What’s been your most valuable career mistake in your leadership journey?
When I first became a sales director, I thought the way to success was doing things the way my boss did. If I could make him look good, make my number, and not create any waves, then I was doing my job. It really didn't feel good and took a physical and emotional toll. I thought I wasn't cut out for management. It took a while for me to understand two things: there is a big difference between being a manager and being a leader; I wanted to be a leader.

Secondly, authenticity is the most important part of being a leader. I don't have to have the same strengths as my managers. In fact, complementary skill sets are more important when building an organization. Once I felt comfortable that I could define my own leadership style, not only did my career take off, but my mental and physical well-being righted themselves. Equinix allows me to flourish in a way that wasn't possible in other organizations.

What’s something you’re especially good at work and outside of work?
I have spent my years as a leader practicing the art of listening even to those who might not be speaking up. I try to foster an environment where anyone, regardless of whether they work directly with me or not, can come to me for advice or just to vent. If we take the time to really get to know what motivates each individual, we can help them bring out their own personal superpower, which benefits all of us.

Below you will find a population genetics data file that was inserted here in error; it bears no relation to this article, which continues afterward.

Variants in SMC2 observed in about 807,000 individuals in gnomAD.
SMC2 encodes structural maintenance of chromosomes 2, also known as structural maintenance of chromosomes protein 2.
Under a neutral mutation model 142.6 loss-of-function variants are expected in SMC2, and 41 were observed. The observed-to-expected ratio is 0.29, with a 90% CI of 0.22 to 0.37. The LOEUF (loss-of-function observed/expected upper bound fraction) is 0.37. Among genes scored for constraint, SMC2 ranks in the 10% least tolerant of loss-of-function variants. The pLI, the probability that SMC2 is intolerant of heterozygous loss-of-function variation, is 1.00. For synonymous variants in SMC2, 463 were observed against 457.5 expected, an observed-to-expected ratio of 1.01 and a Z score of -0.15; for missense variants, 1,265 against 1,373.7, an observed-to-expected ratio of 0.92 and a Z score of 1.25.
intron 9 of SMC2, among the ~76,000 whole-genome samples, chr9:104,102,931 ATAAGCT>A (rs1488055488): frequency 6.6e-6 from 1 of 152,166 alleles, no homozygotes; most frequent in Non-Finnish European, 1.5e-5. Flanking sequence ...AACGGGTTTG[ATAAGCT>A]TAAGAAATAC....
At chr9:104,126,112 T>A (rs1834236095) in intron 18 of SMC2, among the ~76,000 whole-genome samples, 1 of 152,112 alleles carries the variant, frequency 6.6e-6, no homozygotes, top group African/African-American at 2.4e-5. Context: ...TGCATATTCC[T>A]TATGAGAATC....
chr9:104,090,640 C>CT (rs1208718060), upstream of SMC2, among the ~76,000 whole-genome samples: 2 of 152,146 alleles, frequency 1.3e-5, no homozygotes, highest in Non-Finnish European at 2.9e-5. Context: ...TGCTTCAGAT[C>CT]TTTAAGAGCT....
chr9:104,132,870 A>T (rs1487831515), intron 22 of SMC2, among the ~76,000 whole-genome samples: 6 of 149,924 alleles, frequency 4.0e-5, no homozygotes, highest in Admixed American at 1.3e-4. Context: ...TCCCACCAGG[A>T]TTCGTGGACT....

Outside of work, I love hosting people and doing dinner parties whether extravagant or just Taco Tuesday. Creating an environment where people can relax and share the best of what they have to offer always makes me smile. I'm also pretty proud of my prolific rose gardens.

What are you trying to improve on?
As my own worst critic, I am always looking for areas of self-improvement. Over the past year, I am working on saying "no" more, which has been a lifelong challenge. I can't say that I am successful yet, but I've become much more aware of my time limitations and the impact of taking on too much. I find it much easier to coach others on this topic but am continuing to make a conscious effort to choose the bigger impact versus the sheer number of tasks.

What’s the one career move you’ve made that you’re most proud of?
I almost didn't apply to Equinix for a few reasons. First of all, I was only nine months into a new job that I still enjoyed and felt an obligation to “stick it out.” Secondly, the job I applied for was an executive level that I wasn't sure I was ready for at a company as successful as Equinix.

I am proud of myself for taking the leap on what I thought was a stretch goal to see what could happen. I knew I was leaving my former company in a better place than I found it, and though I didn’t get the role I originally applied for, I was able to move into an extremely fulfilling leadership position at a company I love. I still remember the weekend I almost made the decision not to apply and that inspires me daily to never count myself out.

The original article was published on Fairygodboss.

Posted by Michele Lada, Senior director of sales on Aug 19, 2022